…until about nine months ago, when I heard about a treatment for chronic/medication-resistant depression called Transcranial Magnetic Stimulation (or TMS). So I started researching about this treatment that was foreign to me – what is TMS? Was I eligible to try it? How could I access the treatment? What are the side effects? How effective is it?

What is TMS?

The way I understand it, is that it is similar to ECT in the sense it uses an external source – in this case, a coil that repeatedly emits a magnetic field – to stimulate brain activity. Unlike ECT, it does not require aesthetic, cause a seizure and doesn’t have the cognitive side effects.

The magnet at the centre of the coil taps very fast on a specific point on my head – for me, it’s 40 taps in about 7 seconds, repeated 125 times on the left side. It takes 41 minutes. There will be a blue/purple spot permanently on my head while I’m undergoing my first treatment.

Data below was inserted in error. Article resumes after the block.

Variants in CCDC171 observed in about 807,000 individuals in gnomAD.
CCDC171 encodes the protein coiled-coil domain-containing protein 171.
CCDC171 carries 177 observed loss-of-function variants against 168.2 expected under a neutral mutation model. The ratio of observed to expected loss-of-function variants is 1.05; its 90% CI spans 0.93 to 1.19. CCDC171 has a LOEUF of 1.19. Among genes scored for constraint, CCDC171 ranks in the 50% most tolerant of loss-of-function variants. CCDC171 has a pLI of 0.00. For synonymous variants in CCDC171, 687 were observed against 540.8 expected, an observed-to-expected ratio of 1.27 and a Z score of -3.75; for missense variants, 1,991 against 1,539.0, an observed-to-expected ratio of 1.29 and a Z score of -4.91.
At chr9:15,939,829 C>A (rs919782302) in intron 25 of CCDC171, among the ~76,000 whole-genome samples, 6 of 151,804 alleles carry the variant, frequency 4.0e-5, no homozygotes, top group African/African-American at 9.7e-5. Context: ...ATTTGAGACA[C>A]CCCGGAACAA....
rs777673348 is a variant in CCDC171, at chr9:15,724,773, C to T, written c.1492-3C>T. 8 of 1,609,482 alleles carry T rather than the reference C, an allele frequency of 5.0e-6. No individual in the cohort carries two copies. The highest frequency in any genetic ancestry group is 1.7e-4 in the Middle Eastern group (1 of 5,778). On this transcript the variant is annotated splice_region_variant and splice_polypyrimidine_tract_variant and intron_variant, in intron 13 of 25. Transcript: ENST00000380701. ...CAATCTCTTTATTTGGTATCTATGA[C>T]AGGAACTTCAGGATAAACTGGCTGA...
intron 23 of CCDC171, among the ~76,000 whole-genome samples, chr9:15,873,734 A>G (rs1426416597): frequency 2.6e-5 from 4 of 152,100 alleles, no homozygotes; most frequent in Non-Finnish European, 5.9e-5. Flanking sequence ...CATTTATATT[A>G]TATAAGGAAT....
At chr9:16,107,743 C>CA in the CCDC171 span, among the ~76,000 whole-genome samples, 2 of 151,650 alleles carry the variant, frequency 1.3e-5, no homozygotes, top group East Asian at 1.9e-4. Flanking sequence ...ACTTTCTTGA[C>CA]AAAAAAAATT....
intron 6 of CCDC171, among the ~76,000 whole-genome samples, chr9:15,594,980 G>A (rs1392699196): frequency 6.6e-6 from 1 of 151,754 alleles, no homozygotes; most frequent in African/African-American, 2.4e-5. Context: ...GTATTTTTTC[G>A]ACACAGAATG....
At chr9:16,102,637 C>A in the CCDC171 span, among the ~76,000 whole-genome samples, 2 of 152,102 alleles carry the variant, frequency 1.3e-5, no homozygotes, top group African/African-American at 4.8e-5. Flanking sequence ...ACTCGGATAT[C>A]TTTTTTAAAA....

As it taps, the magnet stimulates the nerves in the frontal cortex, which is the part of the pain in charge of our logical thinking. The hope is to minimise the effects of depression by stimulating these nerves and increasing blood flow in that area of the brain.

Who eligible for TMS?

received_10209110666696672

TMS is for people with medication-resistant depression (yup! That’s me!) or those who are unable to take anti-depressants.

However, it’s not recommended or suitable for those diagnosed with epilepsy, have had a stroke, are pregnant or have implants that would be affected by a magnetic field, such as surgical clips, cardiac pacemakers, implanted medication pumps.

How do you access TMS?

Unfortunately, in Australia TMS does not have Medicare number (yet) and it needs to be applied consecutively for a prescribed number of days – which means you have to undergo TMS as an inpatient.

The best way to access TMS in Australia is to find a hospital that offers it as a treatment, make an appointment with a psychiatrist who has admittance rights and does TMS and ensure you have private health insurance with psychiatric hospital cover.